As a podcaster, I speak to countless business owners every year. Some I interview on The Chaise Lounge or The Business Brush, and others I meet at interior design markets across the country. It is fascinating to learn how people get the phone to ring! No two strategies are the same. Many say all their business comes from word of mouth, and when I press further, they realize they actually are marketing their business every single day.
First, let’s get on the same page about what marketing is. Marketing is anything you do to communicate your value proposition. You may not realize how many aspects of your business do this. Consider the customer experience – how often do you answer the phone? Do you have an updated website? Has the styling and branding on a business card become dated? Do you use a general, free email provider? What contracts, systems, and solid procedures are in place? These items all, positively or negatively, communicate how your business runs.
If a business owner tells me all their business comes from word of mouth, I wonder if they truly are as busy as they should be. If presented the opportunity, could they take on another client? Do they have slow periods? If so, there is more they can do to focus on marketing, bring value to their customers, and land more leads.
My definition of marketing is very broad. For example, I believe phones are a huge component of marketing. The way a phone is (or isn’t) answered is likely a client’s first or second impression of your company. Do you allow calls to go voicemail? Are your calls forwarded to your cell phone? How long does it take for you to return a missed call or voicemail? An easy solution is to hire someone to strictly answer calls and schedule appointments. Most people think of this as an admin cost, but I believe it is a marketing expense. If you gain one client with a $100k project in a year because you were attentive and had a friendly voice answering your phones, wouldn’t it be worth it? Well, let’s do the math…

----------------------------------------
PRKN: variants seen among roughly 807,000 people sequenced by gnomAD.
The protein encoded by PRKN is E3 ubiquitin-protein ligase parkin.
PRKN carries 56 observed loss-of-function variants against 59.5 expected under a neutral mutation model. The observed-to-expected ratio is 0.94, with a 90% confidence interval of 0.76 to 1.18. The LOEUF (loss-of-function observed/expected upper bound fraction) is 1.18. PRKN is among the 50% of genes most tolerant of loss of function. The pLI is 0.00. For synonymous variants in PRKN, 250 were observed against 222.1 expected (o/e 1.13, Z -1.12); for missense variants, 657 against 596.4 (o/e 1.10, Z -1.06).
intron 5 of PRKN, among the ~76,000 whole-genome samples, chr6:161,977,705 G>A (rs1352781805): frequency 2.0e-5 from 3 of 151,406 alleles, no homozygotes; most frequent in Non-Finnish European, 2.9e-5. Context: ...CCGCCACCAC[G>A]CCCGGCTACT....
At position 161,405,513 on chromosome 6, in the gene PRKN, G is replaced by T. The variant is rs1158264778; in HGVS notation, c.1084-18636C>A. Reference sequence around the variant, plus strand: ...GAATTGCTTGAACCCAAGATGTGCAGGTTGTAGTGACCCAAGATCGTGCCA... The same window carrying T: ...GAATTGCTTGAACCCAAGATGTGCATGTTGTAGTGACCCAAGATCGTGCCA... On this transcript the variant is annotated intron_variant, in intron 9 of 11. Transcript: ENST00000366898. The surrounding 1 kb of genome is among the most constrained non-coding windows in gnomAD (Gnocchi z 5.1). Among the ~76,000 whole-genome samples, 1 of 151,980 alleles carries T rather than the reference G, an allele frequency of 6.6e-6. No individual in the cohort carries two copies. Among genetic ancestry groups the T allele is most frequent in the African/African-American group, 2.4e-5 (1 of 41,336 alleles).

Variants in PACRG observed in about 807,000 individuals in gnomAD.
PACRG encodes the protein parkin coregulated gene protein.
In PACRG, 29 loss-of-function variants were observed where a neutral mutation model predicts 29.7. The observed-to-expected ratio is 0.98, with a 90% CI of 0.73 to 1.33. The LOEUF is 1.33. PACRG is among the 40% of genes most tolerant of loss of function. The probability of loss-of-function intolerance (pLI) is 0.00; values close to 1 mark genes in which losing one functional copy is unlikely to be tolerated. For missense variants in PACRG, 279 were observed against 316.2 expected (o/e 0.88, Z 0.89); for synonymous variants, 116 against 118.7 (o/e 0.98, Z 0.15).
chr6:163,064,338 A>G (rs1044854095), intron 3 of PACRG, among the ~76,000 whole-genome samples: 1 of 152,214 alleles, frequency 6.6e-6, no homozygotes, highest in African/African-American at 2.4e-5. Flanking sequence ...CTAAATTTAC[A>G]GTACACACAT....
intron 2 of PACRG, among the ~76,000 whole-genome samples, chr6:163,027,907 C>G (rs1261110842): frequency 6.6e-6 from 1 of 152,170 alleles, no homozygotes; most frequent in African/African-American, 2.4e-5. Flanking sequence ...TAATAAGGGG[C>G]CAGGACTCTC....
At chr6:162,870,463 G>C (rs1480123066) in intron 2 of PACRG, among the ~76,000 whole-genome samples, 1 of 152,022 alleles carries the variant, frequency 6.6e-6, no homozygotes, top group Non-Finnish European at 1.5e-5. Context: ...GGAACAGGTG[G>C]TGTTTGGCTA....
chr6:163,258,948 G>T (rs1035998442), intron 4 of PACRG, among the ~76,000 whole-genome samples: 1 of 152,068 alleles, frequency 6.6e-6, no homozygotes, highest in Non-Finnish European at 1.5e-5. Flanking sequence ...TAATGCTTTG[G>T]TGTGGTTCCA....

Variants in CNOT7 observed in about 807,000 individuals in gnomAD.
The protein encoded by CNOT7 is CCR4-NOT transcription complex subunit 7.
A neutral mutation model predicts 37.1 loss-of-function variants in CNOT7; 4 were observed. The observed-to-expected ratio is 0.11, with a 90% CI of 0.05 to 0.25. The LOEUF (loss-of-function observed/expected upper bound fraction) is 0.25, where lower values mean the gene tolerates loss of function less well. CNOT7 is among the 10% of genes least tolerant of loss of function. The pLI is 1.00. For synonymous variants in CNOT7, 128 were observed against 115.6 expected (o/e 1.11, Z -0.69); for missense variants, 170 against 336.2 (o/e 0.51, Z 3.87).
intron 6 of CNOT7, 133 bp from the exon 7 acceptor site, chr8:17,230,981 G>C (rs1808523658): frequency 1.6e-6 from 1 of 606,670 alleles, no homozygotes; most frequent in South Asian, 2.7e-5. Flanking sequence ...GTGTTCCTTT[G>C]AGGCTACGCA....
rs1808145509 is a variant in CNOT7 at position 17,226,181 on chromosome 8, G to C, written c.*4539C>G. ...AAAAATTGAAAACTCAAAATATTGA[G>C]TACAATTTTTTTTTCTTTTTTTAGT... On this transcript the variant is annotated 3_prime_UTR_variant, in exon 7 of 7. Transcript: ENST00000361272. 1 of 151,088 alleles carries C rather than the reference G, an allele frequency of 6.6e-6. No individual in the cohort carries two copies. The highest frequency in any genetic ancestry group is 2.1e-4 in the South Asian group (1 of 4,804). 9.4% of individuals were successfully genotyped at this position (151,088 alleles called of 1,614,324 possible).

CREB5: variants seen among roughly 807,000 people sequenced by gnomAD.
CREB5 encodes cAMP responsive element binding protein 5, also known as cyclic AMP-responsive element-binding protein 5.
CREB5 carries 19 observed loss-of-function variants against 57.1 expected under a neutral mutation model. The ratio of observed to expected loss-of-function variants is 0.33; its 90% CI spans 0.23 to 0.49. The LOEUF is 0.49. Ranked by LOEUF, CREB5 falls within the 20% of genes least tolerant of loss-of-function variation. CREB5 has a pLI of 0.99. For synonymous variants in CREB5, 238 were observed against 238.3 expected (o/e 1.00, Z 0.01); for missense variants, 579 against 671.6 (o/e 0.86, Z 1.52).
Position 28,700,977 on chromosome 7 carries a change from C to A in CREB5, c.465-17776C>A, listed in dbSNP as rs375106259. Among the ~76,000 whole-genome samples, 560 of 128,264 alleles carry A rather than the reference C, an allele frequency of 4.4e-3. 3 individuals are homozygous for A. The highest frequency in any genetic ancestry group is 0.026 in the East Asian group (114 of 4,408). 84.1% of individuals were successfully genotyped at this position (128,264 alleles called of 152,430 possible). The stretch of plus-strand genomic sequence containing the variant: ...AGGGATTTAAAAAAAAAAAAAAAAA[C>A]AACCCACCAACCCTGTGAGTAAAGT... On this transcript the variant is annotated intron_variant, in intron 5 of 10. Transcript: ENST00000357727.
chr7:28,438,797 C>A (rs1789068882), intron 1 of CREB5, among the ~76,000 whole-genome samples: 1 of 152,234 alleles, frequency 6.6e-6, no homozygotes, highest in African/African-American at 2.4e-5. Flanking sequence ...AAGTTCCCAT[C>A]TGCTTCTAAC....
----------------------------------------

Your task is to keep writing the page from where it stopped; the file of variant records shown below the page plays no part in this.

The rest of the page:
If you sign a $100k project that has a low-profit-margin of 35%, this would provide you with $35,000 to cover the cost of a part-time admin for a whole year. If this hire helped you land one a month… holy cow! Right?
Now that your eyes have been opened to what can be considered marketing and how paying attention to the details can vastly change your business, I want you to look at other areas of your company with a critical eye. How can you improve your customer’s experience? Why do you go to Starbucks when the gas station has coffee for $.99? It’s the experience – and believe me, it’s all marketing.
In the coming months, I’ll be sharing more on marketing to help offer new perspectives on how to improve your business and why it is worth your time to consider… even if historically you are a “word of mouth” marketer.